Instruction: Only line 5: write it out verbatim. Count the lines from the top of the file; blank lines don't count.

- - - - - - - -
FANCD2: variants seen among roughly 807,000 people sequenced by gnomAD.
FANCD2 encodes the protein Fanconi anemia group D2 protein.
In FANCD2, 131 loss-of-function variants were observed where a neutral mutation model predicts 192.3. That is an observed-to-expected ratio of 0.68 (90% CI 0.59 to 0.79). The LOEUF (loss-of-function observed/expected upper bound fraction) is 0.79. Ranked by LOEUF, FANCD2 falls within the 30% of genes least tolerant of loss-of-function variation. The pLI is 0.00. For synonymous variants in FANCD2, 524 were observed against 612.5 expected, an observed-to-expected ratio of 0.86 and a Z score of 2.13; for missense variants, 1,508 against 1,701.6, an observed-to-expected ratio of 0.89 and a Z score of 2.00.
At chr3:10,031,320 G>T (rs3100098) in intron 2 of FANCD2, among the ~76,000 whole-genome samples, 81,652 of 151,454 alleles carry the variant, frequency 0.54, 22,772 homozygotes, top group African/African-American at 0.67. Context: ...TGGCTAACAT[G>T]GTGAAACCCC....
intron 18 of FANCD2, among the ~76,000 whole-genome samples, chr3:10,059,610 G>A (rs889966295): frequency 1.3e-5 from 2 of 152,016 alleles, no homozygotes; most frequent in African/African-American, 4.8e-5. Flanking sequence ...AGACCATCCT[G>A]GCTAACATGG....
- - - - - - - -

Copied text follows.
intron 18 of FANCD2, among the ~76,000 whole-genome samples, chr3:10,059,610 G>A (rs889966295): frequency 1.3e-5 from 2 of 152,016 alleles, no homozygotes; most frequent in African/African-American, 4.8e-5. Flanking sequence ...AGACCATCCT[G>A]GCTAACATGG....